The proposed workflow allows to process eddy covariance data with single processing chain consisting of four stages:
Quality control (QC): load the EddyPro output and gap-filled meteorological data and apply automated tests and filters implemented in openeddy to quality check fluxes of momentum (Tau), sensible (H) and latent heat (LE) and net ecosystem exchange (NEE). Export documentation of applied QC and produce the outputs needed in next steps. QC workflow is placed at
.\Level 2\Quality checking\of expected folder structure described below.
Storage: under development. Currently it only plots monthly means of daily courses for all storage fluxes using REddyProc. These storage fluxes are computed by discrete (one point) approach with EddyPro. The plan is to include processing of temperature, RH and CO2 profiles and computation of storage fluxes with support for 1 Hz measurements. Storage workflow is placed in
.\Level 2\Storage flux\.
Gap-filling and flux partitioning (GF & FP): combine utilities of REddyProc and openeddy to gap-fill (H, LE, NEE), partition (NEE) and visualize (H, LE, NEE) fluxes. The setup allows to change and document some processing options in an organized way. Computation of bootstrapped friction velocity threshold is included. GF & FP workflow is placed in
Summary: visualize processed data, convert units and aggregate results to daily, weekly, monthly and yearly timescales. A limited amount of computed parameters is also produced, including different uncertainty estimates. Summary workflow is placed in
The example dataset is available at Zenodo due to GitHub file size limitation: https://doi.org/10.5281/zenodo.1442531
The workflows assume certain folder structure:
- Level 0: raw data, related metadata and configuration files
- Level 1: half-hourly data processed by EddyPro and gap-filled meteorological data
- Level 2: results and documentation of QC, storage corrected fluxes for GF & FP
- Level 3: results of GF & FP and the dataset summaries
The complete processing chain in the context of above folder structure can be summarized as:
In order to run fetch filter, QC workflow also requires fetch filter (or region of interest; ROI) boundary vector for given site, here loaded from
.\Level 2\Quality checking\Fetch_filter_boundaries_20160206.csv. For your site you will have to define your own region of interest (ROI) boundary (see ROI boundary section below).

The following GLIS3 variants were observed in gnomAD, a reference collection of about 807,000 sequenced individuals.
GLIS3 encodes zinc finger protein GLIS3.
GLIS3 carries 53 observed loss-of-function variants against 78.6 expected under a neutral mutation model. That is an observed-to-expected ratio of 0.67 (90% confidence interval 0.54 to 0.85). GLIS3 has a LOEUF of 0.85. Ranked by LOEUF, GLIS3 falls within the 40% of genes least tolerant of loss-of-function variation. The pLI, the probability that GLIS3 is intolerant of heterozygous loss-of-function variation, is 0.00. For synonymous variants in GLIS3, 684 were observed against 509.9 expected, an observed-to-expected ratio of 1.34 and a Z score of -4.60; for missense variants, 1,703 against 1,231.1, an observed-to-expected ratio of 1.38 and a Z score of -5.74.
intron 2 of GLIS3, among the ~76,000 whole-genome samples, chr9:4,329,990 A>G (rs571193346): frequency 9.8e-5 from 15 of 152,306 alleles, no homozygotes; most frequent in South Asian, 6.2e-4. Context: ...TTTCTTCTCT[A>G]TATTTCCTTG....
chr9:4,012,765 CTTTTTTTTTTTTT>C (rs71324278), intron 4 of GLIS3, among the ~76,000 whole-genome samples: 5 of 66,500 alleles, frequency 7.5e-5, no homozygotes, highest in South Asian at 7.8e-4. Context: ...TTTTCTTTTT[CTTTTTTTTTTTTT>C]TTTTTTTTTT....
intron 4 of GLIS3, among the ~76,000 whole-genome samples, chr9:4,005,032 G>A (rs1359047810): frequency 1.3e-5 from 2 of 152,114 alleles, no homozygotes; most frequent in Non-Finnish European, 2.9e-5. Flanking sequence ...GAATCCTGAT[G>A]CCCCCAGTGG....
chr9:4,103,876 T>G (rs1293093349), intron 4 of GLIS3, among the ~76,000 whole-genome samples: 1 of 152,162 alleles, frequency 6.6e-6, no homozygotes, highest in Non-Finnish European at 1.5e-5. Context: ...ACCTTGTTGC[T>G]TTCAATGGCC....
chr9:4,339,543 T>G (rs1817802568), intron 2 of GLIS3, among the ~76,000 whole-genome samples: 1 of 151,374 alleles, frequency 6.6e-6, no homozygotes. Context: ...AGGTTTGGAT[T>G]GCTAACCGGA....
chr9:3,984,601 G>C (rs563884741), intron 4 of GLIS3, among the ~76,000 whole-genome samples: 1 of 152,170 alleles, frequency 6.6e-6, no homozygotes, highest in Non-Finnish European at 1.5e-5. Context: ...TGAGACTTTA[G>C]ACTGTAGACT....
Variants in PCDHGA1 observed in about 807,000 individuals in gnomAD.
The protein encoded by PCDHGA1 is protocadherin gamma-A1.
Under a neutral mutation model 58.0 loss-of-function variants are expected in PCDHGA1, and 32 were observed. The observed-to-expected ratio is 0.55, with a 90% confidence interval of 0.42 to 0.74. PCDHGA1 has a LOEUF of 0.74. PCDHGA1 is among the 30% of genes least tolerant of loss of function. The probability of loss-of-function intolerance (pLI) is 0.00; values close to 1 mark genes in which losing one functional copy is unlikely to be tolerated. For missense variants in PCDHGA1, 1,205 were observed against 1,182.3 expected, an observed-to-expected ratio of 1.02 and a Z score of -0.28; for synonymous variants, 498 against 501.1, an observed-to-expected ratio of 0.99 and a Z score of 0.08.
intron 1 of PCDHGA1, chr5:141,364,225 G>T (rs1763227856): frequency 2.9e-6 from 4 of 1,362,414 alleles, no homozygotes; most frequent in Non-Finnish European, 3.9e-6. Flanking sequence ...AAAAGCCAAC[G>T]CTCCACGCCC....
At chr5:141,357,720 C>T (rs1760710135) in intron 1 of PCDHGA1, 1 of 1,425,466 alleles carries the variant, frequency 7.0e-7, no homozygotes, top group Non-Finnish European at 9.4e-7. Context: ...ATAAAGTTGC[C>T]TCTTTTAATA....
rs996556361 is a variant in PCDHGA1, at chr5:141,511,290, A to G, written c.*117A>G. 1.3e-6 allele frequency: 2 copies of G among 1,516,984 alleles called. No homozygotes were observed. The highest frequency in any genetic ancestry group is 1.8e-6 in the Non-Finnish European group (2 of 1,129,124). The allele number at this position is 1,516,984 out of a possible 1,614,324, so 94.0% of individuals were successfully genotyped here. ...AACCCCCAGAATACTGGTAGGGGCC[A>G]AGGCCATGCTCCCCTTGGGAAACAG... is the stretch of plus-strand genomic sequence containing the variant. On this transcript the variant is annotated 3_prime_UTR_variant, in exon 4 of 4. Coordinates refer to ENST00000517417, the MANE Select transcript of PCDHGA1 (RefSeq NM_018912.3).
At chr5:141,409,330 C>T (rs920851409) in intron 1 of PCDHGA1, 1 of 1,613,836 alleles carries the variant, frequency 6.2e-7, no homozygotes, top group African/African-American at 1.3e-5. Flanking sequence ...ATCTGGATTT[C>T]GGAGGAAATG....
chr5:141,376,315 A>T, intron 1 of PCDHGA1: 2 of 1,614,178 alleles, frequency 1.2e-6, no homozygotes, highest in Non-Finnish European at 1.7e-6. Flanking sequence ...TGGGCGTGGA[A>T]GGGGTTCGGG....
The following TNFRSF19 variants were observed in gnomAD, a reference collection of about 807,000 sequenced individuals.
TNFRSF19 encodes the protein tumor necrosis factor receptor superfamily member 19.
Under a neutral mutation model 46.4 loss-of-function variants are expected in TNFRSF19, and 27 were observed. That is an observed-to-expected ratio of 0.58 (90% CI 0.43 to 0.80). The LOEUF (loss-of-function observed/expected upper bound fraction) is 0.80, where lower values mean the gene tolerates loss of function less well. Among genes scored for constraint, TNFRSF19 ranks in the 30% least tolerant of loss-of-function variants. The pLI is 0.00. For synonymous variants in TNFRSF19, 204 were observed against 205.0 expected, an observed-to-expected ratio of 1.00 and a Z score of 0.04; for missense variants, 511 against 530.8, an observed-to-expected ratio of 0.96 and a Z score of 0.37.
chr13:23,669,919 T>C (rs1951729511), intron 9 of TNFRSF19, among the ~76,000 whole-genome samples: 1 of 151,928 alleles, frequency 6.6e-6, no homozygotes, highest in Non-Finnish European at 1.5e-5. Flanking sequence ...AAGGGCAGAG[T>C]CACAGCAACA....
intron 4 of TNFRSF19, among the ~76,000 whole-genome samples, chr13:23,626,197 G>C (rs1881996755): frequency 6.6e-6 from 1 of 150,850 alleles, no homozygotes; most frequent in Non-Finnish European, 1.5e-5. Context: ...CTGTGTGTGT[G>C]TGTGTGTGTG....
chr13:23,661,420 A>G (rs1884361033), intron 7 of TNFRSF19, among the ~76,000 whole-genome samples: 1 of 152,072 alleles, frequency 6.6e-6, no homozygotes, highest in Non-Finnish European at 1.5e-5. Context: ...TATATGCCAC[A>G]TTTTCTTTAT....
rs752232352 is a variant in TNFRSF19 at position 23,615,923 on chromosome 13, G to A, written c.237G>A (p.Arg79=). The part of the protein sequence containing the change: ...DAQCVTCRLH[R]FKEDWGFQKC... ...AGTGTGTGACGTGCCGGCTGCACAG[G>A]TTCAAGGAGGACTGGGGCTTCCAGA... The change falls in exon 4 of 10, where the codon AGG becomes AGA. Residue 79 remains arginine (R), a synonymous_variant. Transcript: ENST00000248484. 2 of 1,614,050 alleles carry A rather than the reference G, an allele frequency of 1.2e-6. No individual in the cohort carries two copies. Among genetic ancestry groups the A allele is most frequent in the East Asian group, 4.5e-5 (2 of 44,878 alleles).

In order to run the example site-year KRP16:
KRP16 - before processing.zipfrom Zenodo and unzip
Install devtools package if not available yet
Go through the processing chain by running commands in workflow files in the order and at the locations as described above
You can check your results with those of
KRP16 - processed.zipat Zenodo
Note: Sourcing the QC workflow does not produce desired outcome because interactive functions are included.
The spatial extent of the studied ecosystem (region of interest; ROI) is specified by its ROI boundary that describes the distance from EC tower to the edge of the studied ecosystem. In order to work with openeddy, ROI boundary has to be provided as a numeric vector with following properties:
- The number of circular sectors is the same as the number of provided distances (length of the vector)
- The angular resolution of the ROI boundary is given by
360° / number of angular sectors
- The ROI boundary distances are assigned to the centers of their respective circular sectors with first sector centered on 0°
ROI boundary example
In this simplified case ROI boundary would be specified as:
c(150, 200, 250, 300)
- There would be 4 circular sectors with 90° angular resolution
- ROI boundary is specified for the whole first sector (315°, 45°] at the distance 150 m from tower (center of the sector is 0°)
- Boundary of the second sector (45°, 135°] is at the distance 200 m
- Third sector (135°, 225°] is at the distance 250 m
- Fourth sector (225°, 315°] is at the distance 300 m
Realistic representation of ROI boundary can look e.g. like this:
Publication describing openeddy is not yet available. When describing the proposed quality control scheme, please refer to it as similar to:
Mauder, M., Cuntz, M., Drüe, C., Graf, A., Rebmann, C., Schmid, H.P., Schmidt, M., Steinbrecher, R., 2013. A strategy for quality and uncertainty assessment of long-term eddy-covariance measurements. Agric. For. Meteorol. 169, 122-135, https://doi.org/10.1016/j.agrformet.2012.09.006
The methodology and benchmark of REddyProc 1.1.3 is descibed in the following paper:
Wutzler, T., Lucas-Moffat, A., Migliavacca, M., Knauer, J., Sickel, K., Šigut, L., Menzer, O., and Reichstein, M. (2018): Basic and extensible post-processing of eddy covariance flux data with REddyProc, Biogeosciences, 15, 5015-5030, https://doi.org/10.5194/bg-15-5015-2018.